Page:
Hoosier children would begin taking standardized tests a year earlier — in second grade — under a bill the Senate Education Committee took up today.
While there is trepidation among some critics, who think second grade is too early to start standardized testing, proponents of the idea argue it would reduce the number of tests given at third grade and give kids an extra year and more chances to pass a test that can be used to block them from advancing to fourth grade.
Sen. Erin Houchin, R-Salem, Senate Bill 169’s author, said the bill is meant as a fix for concerns raised by teachers about the number of tests given at third grade. The reading test, known as IREAD, generally is given to third-graders in March. Those students also must take the state ISTEP test in English and math, which is administered in grades 3 to 8. Usually third-graders take the reading test between the two ISTEP exams.
“It was suggested to me from a group of teachers that if we move IREAD from third grade to second grade, we would free up valuable instruction time for third-graders, identify reading deficiencies early and allow more time for remediation,” Houchin said.
But some teachers think a standardized reading test is a waste of time no matter when it is given.
Indiana State Teachers Association President Teresa Meredith said the exam doesn’t give teachers enough detail about why students are struggling with reading or what skills they need help with.
“IREAD tells me, as a teacher, if my student is passing or failing,” Meredith said. “It gives me no breakdown of why that is, no way to give enrichment and no indication of what areas they are not doing well in. It’s very frustrating as a teacher. I don’t think changing it to second grade will make a difference in that frustration.”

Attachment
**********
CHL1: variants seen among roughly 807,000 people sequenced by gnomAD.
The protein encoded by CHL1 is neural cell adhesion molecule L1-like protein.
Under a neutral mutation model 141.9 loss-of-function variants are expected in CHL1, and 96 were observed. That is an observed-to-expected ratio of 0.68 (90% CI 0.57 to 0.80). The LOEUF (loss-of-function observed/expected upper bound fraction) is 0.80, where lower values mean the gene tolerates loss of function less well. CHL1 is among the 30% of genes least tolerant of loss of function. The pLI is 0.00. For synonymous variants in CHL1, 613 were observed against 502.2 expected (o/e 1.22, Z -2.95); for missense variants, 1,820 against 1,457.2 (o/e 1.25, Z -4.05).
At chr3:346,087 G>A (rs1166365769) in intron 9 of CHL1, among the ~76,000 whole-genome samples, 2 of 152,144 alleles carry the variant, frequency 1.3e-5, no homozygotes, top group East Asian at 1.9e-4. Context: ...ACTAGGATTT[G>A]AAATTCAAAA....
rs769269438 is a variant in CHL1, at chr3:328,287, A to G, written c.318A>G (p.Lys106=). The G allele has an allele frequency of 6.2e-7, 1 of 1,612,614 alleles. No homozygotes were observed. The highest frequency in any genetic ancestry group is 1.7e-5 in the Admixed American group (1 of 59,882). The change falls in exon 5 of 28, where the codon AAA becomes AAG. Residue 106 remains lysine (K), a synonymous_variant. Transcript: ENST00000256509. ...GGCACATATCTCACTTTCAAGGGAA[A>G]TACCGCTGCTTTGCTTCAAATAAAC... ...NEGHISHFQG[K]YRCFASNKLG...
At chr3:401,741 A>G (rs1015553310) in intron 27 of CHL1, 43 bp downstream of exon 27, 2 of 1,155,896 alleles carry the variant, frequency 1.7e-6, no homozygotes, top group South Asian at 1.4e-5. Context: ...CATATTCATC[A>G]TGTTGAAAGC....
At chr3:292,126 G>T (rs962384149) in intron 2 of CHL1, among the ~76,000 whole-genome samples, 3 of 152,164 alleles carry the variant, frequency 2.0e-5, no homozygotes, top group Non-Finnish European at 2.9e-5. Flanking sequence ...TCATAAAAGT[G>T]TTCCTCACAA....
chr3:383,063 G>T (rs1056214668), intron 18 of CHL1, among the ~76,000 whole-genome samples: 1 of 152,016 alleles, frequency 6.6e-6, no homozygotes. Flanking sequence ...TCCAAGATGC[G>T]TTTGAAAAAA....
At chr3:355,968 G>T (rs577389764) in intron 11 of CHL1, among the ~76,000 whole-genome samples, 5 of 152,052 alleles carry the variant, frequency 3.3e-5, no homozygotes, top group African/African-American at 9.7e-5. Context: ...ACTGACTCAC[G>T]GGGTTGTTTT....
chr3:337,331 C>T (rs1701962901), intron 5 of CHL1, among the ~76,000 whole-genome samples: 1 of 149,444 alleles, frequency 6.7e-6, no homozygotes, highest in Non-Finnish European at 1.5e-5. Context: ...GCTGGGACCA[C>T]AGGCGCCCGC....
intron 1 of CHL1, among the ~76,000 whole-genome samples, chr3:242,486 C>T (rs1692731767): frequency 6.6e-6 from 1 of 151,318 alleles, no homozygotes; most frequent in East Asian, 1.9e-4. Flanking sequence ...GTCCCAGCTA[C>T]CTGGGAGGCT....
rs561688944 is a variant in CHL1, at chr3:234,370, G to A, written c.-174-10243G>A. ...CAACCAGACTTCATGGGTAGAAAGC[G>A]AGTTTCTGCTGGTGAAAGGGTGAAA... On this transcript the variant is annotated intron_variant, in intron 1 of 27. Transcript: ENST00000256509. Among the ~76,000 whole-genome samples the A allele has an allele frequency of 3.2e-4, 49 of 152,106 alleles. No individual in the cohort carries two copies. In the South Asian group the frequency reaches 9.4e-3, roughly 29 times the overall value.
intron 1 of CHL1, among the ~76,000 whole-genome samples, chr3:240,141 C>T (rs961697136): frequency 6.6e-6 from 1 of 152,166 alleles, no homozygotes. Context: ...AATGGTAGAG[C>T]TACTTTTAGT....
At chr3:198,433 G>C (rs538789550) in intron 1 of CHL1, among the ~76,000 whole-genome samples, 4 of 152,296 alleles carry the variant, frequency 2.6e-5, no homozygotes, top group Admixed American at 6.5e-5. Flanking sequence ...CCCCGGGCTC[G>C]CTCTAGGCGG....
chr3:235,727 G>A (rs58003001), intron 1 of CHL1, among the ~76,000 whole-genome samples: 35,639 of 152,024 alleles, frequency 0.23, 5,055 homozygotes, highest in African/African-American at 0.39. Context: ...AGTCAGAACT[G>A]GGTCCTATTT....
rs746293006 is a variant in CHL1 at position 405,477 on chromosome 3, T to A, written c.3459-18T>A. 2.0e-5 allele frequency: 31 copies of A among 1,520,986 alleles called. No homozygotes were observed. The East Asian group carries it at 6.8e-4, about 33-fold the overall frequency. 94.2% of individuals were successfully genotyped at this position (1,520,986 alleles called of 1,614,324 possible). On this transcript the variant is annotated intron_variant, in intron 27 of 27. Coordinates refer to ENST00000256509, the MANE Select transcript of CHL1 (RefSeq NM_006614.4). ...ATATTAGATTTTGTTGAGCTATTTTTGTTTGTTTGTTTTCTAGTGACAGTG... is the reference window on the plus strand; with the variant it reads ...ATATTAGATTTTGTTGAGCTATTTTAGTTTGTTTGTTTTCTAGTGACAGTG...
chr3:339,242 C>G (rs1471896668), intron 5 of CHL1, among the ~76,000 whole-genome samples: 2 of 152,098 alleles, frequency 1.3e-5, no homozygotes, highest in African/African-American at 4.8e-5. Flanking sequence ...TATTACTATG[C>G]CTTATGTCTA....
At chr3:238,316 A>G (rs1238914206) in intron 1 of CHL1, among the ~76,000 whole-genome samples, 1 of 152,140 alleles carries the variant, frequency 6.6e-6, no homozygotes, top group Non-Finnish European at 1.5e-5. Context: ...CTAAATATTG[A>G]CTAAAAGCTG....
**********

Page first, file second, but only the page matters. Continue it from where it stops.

Houchin said state Superintendent Glenda Ritz was among those who told her that the test could be given in second grade, as students learn reading skills in first and second grade. But Ritz’s lobbyist, John Barnes, said she would oppose the bill.
“We feel like it’s not developmentally appropriate to do high-stakes testing like this below third grade,” Barnes said.
The switch also would come with a one-time extra cost of $1.2 million, as both second- and third-graders would take IREAD the first year, scheduled for 2015-16.
Ritz’s predecessor, Tony Bennett, pushed the creation of the reading test, saying Indiana needed to draw the line on promoting students who couldn’t read. But the rules actually allow kids who fail to continue to fourth grade, as long as they are grouped with children who are also on a third-grade reading level for reading lessons.
Last year, more than 90 percent of students who took IREAD passed it, up from 84 percent the first year it was given in 2011. If students don’t pass the test the first time, current law and the proposed bill allow them to retake it several times.
Doug McRae, a former test-maker with CTB/McGraw-Hill, said in an email that testing younger elementary school students isn’t necessarily a problem, so long as the tests are used to judge the specific skills they were designed to measure. The company makes Indiana’s state tests.
Although a reading exam like IREAD can evaluate how well student can recognize letter patterns and vowel sound, for example, a standardized test cannot show whether a child knows how to read by itself.
“There are some reading skills that standardized tests cannot measure, that only can be measured by teachers listening to kids read and making their own informed judgments,” McRae said. “Both types of information can and should contribute to a full set of information for any individual student.”